MotoAmerica is the official FIM/AMA sanctioned roadracing series in North America. It is both the highest level of competition and exceptionally accessible series to race teams, media and fans. In March 2016 I attended preseason test days conducted by MotoAmerica at the Circuit of the Americas (COTA in Austin, Texas). Entry for the two days was free (!) to fans. The MotoAmerica management team was in the paddock area and freely approachable, and teams open to being photographed. The COTA management permitted fans to roam the paddock and main grandstands (with the supervision of numerous but fan-friendly security staff). It was one of the most photography-friendly professional events I have ever attended.
Early on the first day of testing the Yoshimura Suzuki Factory Racing team check the status of their riders, Toni Elias and Roger Hayden, on the live-timing screen in their pit garage
The agenda for a preseason test can be overwhelming. Teams are testing new machines conforming to new technical regulations, new tires, and in many cases new riders and crew members. Team Rabid Transit make quick changes to multiple settings on a new Yamaha YZF-R1 so newly-signed South African rider Sheridan Morais can test as many variations as possible in each 50-minute test session.
MotoAmerica test days begin with technical inspection at 7:00 a.m. and wrap up in early evening - a 12-hour day in most cases. While the goal is to make bike and rider the fastest combination possible, the rider will get just four 50-minute sessions on track. For the remaining nine or so hours, the bike will be tweaked, taken apart, checked, put back together - and stared at - in search of more quickness.
Access to areas directly above the team garages provided some nice perspectives to capture candid moments. 2015 Superstock 1000 champion Jake Gagne (racing in the 2016 Superbike class for Broaster Chicken/ RoadRace Factory) autographs a helmet for a fan who has been happily collecting rider signatures up and down the paddock all day.
Testing is an unnatural, lonely state for racers accustomed to close quarters, nose-to-tail combat.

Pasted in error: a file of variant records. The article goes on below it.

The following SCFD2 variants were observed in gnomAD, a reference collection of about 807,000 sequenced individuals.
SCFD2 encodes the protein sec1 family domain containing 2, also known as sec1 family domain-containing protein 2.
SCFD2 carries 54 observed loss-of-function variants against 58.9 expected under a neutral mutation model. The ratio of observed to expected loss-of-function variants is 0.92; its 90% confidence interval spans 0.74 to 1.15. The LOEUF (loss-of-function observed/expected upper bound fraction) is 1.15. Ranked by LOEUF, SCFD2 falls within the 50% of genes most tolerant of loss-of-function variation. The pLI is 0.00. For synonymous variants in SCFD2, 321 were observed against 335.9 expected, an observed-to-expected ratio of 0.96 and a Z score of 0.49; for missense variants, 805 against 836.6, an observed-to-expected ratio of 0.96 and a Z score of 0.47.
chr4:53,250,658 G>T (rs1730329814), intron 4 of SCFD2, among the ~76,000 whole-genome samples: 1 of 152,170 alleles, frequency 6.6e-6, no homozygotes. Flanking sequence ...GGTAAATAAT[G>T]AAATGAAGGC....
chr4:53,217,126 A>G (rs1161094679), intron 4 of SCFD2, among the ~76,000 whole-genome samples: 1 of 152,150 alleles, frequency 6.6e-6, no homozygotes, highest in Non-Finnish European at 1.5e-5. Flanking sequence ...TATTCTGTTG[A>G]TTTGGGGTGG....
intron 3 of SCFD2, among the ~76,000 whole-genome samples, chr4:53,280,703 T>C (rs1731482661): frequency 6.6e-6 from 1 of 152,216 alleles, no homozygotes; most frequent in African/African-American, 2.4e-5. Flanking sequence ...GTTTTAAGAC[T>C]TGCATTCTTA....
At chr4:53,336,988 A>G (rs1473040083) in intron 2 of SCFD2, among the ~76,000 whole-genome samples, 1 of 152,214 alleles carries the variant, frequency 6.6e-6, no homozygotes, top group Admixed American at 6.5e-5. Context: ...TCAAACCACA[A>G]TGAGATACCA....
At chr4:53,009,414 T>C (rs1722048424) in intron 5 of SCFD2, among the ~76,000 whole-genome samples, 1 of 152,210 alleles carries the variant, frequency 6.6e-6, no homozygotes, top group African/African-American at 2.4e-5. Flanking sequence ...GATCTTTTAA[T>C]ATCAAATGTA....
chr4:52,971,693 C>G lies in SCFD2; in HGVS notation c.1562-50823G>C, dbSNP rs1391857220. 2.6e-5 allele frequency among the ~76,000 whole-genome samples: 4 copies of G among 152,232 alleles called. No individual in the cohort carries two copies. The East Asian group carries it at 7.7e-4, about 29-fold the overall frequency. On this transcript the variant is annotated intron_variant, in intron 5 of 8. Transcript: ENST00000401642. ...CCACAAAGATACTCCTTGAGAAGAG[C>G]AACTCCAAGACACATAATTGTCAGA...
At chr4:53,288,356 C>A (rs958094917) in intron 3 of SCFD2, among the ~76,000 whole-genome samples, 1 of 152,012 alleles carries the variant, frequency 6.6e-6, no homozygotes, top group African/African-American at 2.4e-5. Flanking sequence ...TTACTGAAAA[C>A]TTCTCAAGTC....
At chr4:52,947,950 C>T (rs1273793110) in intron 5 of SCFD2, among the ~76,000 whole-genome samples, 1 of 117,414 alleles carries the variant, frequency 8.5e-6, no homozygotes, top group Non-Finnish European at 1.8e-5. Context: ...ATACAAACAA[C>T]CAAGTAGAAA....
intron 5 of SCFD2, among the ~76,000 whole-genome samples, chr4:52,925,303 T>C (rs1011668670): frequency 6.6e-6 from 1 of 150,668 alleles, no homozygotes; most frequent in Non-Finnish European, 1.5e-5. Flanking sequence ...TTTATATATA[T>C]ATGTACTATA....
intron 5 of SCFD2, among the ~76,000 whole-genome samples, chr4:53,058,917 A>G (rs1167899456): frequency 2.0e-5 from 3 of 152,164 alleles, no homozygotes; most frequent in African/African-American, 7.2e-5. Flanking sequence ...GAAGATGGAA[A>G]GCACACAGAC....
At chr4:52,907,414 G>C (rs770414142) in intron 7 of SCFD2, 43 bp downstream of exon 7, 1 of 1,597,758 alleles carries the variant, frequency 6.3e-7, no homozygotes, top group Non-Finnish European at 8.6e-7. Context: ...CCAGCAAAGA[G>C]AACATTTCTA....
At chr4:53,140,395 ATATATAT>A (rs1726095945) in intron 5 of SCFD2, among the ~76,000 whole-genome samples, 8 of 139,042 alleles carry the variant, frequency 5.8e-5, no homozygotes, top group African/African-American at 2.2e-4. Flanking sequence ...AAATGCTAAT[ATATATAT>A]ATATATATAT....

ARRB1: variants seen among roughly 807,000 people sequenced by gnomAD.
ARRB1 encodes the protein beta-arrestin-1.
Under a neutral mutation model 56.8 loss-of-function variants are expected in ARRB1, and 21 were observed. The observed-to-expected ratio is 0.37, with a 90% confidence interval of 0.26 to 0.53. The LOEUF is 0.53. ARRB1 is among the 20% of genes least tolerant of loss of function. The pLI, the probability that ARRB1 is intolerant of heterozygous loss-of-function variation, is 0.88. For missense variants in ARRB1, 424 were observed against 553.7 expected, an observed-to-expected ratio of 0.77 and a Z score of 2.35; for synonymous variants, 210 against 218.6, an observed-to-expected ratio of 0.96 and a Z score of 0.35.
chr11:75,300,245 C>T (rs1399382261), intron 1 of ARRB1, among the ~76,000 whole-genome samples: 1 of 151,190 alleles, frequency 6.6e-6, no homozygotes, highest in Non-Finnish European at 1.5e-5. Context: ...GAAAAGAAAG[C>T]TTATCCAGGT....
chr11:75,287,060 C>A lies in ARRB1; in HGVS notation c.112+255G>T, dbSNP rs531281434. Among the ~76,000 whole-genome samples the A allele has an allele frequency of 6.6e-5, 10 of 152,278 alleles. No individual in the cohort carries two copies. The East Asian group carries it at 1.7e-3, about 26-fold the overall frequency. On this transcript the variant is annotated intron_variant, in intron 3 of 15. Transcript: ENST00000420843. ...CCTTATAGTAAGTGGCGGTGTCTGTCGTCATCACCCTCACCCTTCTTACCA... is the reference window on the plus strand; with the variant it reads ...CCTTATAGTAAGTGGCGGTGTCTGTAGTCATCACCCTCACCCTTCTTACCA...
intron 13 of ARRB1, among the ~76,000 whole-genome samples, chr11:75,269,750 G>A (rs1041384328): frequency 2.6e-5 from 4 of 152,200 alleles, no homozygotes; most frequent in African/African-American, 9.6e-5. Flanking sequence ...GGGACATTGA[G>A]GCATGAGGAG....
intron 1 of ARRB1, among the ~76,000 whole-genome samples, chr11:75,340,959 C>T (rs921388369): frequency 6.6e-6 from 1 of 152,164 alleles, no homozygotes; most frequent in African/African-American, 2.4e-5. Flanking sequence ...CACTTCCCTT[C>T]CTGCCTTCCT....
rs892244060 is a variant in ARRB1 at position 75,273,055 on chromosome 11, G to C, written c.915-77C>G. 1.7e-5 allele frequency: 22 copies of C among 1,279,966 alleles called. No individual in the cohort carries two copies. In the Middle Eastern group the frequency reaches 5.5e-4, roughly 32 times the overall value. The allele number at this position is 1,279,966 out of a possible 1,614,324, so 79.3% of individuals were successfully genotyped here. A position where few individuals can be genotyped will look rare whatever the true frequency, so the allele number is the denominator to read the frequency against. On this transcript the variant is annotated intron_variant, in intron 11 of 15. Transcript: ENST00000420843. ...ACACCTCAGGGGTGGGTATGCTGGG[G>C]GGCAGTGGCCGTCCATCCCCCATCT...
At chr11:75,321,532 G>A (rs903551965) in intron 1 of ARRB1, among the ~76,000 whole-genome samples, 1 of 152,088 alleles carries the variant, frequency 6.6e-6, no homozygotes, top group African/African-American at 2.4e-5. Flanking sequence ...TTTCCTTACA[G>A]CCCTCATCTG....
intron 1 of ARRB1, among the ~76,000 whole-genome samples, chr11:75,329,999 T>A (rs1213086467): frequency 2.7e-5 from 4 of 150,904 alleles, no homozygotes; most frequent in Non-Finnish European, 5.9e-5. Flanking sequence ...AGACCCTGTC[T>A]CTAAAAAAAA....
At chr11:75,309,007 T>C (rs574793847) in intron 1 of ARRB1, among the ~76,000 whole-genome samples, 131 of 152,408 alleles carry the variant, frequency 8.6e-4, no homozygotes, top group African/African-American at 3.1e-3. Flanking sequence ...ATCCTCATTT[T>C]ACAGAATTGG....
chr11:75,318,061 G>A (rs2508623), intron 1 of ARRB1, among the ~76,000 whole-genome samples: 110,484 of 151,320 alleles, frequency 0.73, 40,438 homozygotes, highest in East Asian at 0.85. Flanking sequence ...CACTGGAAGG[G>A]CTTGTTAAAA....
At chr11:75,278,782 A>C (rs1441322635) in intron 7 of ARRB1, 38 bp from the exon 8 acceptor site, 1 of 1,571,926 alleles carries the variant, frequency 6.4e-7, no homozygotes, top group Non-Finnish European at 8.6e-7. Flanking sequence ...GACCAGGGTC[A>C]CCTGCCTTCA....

Racing at the national level requires a lot of stuff. Semis full of stuff.
2015 MotoAmerica Superbike champion, Cameron Beaubier pulls in to hand off his MonsterEnergy/Graves Yamaha YZF-R1 to be moved into the garage for the next round of set-up changes. The lower deck of the COTA grandstands is cantilevered over the pit lane putting fans (and photographers) literally on top of the action.
The official introduction of the Yoshimura Suzuki Factory Racing team, their Suzuki GSX-R1000 bikes in 2016 race livery, and riders Roger Hayden (left) and Tony Elias (right). Jonathan Green asks the tough questions for Speed City Broadcast.
It was pleasant surprise to see new top-level riders from outside the Americas at this test. They included Italian Claudio Corti, who was European Superstock 600 Champion in 2005 and competed in several international series including Moto2 and MotoGP. Claudio Corti expressed sentiments in this interview that he looked forward to racing in America where racing and rider talent still rises above the complex organizational and corporate priorities that dominate many international and European racing series.
Catalonian Tony Elias (pictured above), the 2010 Moto2 World Champion appeared at this preseason test as substitute rider. He would stay with the Yoshimura team and win the first two MotoAmerica Superbike races during the April COTA series shared with MotoGP. Sheridan Morais (not pictured), a multi-time South African national champion is racing in the MotoAmerica Superstock 1000 class.
Texas-size jumbo screens (note seating for size comparison) line both sides of the start-finish straightaway announcing the MotoGP races at COTA coming three weeks after my visit. That event included four days of practice and racing for the MotoAmerica series concurrent with the MotoGP classes. What a treat for fans! I was sorry not to make it back for the actual race weekend.